Kliph Nesteroff: Why was it a mistake to hire Pat McCormick?

Slick Slavin: He wasn't funny. Pat was six foot seven, the tallest white guy in the country, and never a team player. He always wanted to be the star of the show. His desire to upstage the star instead of just writing for them is what killed it. Pat McCormick killed The Don Rickles Show and he suckered Joey. I knew it was deadwood city.

Kliph Nesteroff: Totie Fields was on The Joey Bishop Show several times. She and Don Rickles had the same manager - Joe Scandore.

Slick Slavin: Yes, I met Joe Scandore. A nice man. I think Don was very loyal to those people. He stayed with Scandore all the way through. Totie I remember very well. My joke was that she was "a calender girl - Miss February and Miss March." We had everybody on. We caught Johnny Carson [in the ratings] everywhere but New York. We tried to get Joey to do the show in New York for a week, but he just wouldn't do it. I don't know if he was afraid or what the hell.

Kliph Nesteroff: His reluctance to go to New York was probably just deference to Johnny Carson. Johnny was still broadcasting from New York. Despite competing, there was still a friendliness between the two. 

Slick Slavin: Yes, because Joey later substituted for Johnny.

Kliph Nesteroff: Maynard Sloate mentioned a bunch of obscure comedians that were around Strip City same time as you... Gerry Moore... Dick Kimball...

Slick Slavin: He loved Dick Kimball. Dick Kimball was killed in an accident. It really affected Maynard because he really wanted to manage Dick. Dick was a good guy. Very slow paced, but clever. Very clever. I don't remember having the same fervor for Dick as Maynard, but he was good. Maynard saw something. 

Kliph Nesteroff: Strip City was a dive, but a happening dive...

Slick Slavin: All the celebrities came in. I remember one night Fredric March coming in (laughs) while I was doing my impersonations. I figured, I got to do Fredric March. So on the spur I did him from a movie where his palms were sweating. I pulled out my handkerchief and I wiped my hands like Frederic March. The first night he was there with his father and called me over. A couple weeks later he came in with his wife, "I felt she had to see you." Another guy that came in was Michael Wilding, an English actor married to Liz Taylor. The English loved strip joints. To them, that's real entertainment. Another guy came in that every comic hated. A fellow by the name of Marlon Brando. Cause when he came in, he disrupted everybody. Not courteous. I can tell you that - every comedian hated that man.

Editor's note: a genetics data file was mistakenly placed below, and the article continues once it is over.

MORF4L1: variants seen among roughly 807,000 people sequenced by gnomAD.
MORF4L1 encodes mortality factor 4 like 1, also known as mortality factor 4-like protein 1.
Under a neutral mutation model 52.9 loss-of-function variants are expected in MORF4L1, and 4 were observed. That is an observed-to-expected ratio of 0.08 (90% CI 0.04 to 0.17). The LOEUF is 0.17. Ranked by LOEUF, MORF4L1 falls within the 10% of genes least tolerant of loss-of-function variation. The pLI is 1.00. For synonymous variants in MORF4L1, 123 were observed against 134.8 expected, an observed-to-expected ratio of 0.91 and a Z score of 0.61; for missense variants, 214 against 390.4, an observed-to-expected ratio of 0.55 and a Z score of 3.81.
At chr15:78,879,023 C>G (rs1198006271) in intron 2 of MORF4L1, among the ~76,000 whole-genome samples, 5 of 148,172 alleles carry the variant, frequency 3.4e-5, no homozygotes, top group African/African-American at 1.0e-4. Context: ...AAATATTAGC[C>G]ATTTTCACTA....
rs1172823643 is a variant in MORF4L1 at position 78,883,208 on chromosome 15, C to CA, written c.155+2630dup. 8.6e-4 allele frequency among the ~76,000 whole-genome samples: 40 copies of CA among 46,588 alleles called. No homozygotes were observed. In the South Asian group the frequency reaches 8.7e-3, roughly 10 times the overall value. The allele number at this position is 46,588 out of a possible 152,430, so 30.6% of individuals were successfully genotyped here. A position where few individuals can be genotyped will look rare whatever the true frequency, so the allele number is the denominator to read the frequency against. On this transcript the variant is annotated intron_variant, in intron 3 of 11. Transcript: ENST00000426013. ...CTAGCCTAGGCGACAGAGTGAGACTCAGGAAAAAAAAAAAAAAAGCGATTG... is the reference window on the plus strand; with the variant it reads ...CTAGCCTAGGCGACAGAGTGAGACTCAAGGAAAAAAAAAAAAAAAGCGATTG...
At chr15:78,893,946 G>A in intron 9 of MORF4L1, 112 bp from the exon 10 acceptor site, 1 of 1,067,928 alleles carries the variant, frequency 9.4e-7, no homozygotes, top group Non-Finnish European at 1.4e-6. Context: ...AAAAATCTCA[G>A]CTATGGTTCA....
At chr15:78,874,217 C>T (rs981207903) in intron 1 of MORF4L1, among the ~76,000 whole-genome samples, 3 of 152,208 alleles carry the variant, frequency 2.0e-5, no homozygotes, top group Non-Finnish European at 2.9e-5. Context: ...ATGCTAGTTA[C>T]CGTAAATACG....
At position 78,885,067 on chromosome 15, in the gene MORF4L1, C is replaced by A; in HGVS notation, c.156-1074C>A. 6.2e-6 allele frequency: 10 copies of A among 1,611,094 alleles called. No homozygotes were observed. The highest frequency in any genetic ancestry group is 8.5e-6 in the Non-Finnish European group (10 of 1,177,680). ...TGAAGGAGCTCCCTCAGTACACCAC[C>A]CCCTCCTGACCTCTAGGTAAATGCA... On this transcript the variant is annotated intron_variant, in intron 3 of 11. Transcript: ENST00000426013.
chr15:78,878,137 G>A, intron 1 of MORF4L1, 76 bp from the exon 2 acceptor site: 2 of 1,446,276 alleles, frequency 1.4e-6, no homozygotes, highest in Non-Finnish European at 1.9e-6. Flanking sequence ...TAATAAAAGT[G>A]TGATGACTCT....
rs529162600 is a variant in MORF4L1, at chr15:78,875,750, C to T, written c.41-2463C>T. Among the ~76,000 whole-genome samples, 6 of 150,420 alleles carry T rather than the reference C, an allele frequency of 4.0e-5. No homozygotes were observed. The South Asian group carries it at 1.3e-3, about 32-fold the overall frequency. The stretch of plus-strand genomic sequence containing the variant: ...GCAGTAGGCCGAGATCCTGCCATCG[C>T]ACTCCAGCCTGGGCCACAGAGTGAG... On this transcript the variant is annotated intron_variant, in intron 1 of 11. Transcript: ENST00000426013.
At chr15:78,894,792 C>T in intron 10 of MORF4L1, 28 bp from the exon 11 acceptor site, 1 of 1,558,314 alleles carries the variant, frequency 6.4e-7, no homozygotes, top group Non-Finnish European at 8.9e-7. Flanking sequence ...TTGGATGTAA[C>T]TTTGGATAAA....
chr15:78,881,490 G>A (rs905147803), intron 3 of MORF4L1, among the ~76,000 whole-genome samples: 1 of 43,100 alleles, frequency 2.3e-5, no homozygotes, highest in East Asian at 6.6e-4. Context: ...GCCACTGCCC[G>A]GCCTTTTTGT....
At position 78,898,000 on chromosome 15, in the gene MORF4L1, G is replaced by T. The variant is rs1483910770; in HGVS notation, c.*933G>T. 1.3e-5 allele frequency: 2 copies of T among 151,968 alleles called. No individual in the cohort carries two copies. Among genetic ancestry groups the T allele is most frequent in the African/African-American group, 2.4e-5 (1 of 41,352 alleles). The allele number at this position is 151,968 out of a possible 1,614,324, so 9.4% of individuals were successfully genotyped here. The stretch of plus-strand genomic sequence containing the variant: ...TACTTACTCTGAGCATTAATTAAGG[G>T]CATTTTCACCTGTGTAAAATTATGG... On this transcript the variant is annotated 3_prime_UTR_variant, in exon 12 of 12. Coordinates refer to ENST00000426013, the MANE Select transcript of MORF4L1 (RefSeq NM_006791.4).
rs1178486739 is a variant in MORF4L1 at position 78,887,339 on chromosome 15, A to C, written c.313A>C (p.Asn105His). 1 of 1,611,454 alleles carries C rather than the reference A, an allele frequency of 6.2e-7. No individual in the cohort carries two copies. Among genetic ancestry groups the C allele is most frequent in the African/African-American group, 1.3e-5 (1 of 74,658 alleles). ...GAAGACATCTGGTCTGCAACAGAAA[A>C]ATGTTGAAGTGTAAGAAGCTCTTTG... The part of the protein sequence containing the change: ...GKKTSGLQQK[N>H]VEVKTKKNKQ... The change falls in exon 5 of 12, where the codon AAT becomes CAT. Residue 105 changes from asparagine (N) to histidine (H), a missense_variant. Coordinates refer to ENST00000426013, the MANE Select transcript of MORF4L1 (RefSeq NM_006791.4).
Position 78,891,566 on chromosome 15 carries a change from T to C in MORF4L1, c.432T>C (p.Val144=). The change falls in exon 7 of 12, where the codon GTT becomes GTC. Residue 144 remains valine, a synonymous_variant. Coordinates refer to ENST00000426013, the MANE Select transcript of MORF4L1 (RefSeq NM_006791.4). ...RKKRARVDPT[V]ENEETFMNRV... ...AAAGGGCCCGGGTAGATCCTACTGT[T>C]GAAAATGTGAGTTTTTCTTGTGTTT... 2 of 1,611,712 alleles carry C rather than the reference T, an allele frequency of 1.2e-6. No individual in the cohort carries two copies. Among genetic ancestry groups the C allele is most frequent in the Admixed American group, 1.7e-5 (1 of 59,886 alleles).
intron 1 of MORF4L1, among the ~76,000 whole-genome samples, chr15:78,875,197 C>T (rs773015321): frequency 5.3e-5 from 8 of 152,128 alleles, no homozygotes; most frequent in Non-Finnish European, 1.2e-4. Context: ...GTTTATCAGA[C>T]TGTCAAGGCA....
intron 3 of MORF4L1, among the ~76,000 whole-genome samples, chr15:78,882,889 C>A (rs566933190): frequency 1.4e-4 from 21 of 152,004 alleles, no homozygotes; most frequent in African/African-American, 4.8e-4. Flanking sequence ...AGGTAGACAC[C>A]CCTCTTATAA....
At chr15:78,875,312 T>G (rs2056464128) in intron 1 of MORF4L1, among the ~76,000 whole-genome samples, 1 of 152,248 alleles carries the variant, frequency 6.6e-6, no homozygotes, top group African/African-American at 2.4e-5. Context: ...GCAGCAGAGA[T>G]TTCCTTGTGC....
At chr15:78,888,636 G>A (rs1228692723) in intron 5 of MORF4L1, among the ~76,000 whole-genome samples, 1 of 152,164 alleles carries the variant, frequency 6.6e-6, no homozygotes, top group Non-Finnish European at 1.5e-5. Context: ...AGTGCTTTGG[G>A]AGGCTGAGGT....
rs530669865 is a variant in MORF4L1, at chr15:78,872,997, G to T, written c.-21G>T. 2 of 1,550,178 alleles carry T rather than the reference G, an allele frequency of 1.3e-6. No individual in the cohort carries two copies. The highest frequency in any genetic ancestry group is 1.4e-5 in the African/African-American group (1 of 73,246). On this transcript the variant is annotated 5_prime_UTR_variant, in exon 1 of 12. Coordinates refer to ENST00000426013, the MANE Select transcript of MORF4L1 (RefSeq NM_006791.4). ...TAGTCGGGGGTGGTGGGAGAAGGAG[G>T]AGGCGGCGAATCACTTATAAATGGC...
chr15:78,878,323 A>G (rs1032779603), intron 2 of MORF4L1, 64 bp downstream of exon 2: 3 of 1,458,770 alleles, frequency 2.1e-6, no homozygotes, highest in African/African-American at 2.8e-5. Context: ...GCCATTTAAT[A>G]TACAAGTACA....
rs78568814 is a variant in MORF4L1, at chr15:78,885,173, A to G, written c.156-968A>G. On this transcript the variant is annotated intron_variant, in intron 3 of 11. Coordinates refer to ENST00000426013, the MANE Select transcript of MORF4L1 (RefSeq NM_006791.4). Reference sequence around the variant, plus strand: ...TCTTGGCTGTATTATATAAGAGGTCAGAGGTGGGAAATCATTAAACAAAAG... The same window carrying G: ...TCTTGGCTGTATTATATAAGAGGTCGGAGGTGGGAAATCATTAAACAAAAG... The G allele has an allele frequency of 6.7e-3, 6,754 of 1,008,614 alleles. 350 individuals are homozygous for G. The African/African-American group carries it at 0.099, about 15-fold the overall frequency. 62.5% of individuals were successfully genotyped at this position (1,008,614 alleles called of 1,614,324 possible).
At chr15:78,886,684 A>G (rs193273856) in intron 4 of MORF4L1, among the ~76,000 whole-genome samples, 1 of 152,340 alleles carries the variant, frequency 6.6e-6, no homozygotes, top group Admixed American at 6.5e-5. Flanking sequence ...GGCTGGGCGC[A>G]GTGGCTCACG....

Kliph Nesteroff: This was at Strip City.

Slick Slavin: Yeah, well, he not only came to Strip City, but he made the rounds. We had to face him wherever he was at. He was crazy, he was nuts.

Kliph Nesteroff: You played a place called the Toddle House in Los Angeles...

Slick Slavin: Yes, one of the first places I played. I loved it. I played it repeatedly and that's where Errol Garner introduced his song Misty. It was a great place. A guy by the name of Johnny Toscano, a wonderful man, operated it right by MGM. That goes back to another situation. I was still fascinated by Hollywood celebrities and I was working the Toddle House with a guy by the name of Jack Mitchum, Robert Mitchum's brother. His big number was Guadalajara. He's not bad, but like so many he wants to be a singer. He gets by. One night we're getting ready to do our show. There weren't too many people. It was a weeknight. 

The door opens and in walk Frank Sinatra, Gene Kelly, Keenan Wynn, Gloria DeHaven and Robert Mitchum. Think of that! You're working a joint and in walks MGM! They came in to hear Robert Mitchum's brother. I was the emcee and the comic and I closed the show. Jack did his act and I figured they'd all get up and head for the door, but they didn't. They stayed for my act and everybody was great. Keenan Wynn - a little spooky. But the others - Gene Kelly, a dynamite man. Frank Sinatra said to me, "I love that French song you do." A song called Stranger in Paris. I would sing it and do a little patter as a French detective like a Maurice Chevalier. It was a great night spot for Culver City.